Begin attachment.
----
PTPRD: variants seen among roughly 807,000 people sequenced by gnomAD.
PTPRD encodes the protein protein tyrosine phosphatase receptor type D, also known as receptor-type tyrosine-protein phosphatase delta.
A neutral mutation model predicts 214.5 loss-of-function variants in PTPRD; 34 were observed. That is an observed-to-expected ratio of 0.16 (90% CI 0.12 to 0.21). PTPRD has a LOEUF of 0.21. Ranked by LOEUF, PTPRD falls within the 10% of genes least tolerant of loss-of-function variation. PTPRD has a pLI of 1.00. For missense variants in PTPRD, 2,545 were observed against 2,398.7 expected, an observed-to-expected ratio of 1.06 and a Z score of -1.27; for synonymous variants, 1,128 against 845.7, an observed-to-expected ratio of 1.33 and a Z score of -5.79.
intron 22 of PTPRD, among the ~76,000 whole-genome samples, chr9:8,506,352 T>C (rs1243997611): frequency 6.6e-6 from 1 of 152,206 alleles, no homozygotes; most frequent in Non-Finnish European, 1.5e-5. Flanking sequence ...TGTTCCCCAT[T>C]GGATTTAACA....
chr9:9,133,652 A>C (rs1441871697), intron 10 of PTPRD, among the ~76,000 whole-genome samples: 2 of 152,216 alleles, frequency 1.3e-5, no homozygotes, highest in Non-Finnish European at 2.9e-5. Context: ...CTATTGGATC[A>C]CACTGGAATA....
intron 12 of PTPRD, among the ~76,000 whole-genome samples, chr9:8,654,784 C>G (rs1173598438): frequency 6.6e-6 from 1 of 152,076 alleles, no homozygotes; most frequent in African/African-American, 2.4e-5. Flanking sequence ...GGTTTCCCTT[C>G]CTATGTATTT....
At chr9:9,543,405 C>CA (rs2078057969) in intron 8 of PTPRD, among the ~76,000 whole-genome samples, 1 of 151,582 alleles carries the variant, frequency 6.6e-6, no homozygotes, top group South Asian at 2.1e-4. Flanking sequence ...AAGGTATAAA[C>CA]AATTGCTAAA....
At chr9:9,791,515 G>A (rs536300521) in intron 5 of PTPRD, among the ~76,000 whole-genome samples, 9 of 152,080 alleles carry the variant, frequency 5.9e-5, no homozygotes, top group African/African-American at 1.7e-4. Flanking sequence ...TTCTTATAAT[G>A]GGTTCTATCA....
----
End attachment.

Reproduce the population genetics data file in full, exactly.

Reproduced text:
PTPRD: variants seen among roughly 807,000 people sequenced by gnomAD.
PTPRD encodes the protein protein tyrosine phosphatase receptor type D, also known as receptor-type tyrosine-protein phosphatase delta.
A neutral mutation model predicts 214.5 loss-of-function variants in PTPRD; 34 were observed. That is an observed-to-expected ratio of 0.16 (90% CI 0.12 to 0.21). PTPRD has a LOEUF of 0.21. Ranked by LOEUF, PTPRD falls within the 10% of genes least tolerant of loss-of-function variation. PTPRD has a pLI of 1.00. For missense variants in PTPRD, 2,545 were observed against 2,398.7 expected, an observed-to-expected ratio of 1.06 and a Z score of -1.27; for synonymous variants, 1,128 against 845.7, an observed-to-expected ratio of 1.33 and a Z score of -5.79.
intron 22 of PTPRD, among the ~76,000 whole-genome samples, chr9:8,506,352 T>C (rs1243997611): frequency 6.6e-6 from 1 of 152,206 alleles, no homozygotes; most frequent in Non-Finnish European, 1.5e-5. Flanking sequence ...TGTTCCCCAT[T>C]GGATTTAACA....
chr9:9,133,652 A>C (rs1441871697), intron 10 of PTPRD, among the ~76,000 whole-genome samples: 2 of 152,216 alleles, frequency 1.3e-5, no homozygotes, highest in Non-Finnish European at 2.9e-5. Context: ...CTATTGGATC[A>C]CACTGGAATA....
intron 12 of PTPRD, among the ~76,000 whole-genome samples, chr9:8,654,784 C>G (rs1173598438): frequency 6.6e-6 from 1 of 152,076 alleles, no homozygotes; most frequent in African/African-American, 2.4e-5. Flanking sequence ...GGTTTCCCTT[C>G]CTATGTATTT....
At chr9:9,543,405 C>CA (rs2078057969) in intron 8 of PTPRD, among the ~76,000 whole-genome samples, 1 of 151,582 alleles carries the variant, frequency 6.6e-6, no homozygotes, top group South Asian at 2.1e-4. Flanking sequence ...AAGGTATAAA[C>CA]AATTGCTAAA....
At chr9:9,791,515 G>A (rs536300521) in intron 5 of PTPRD, among the ~76,000 whole-genome samples, 9 of 152,080 alleles carry the variant, frequency 5.9e-5, no homozygotes, top group African/African-American at 1.7e-4. Flanking sequence ...TTCTTATAAT[G>A]GGTTCTATCA....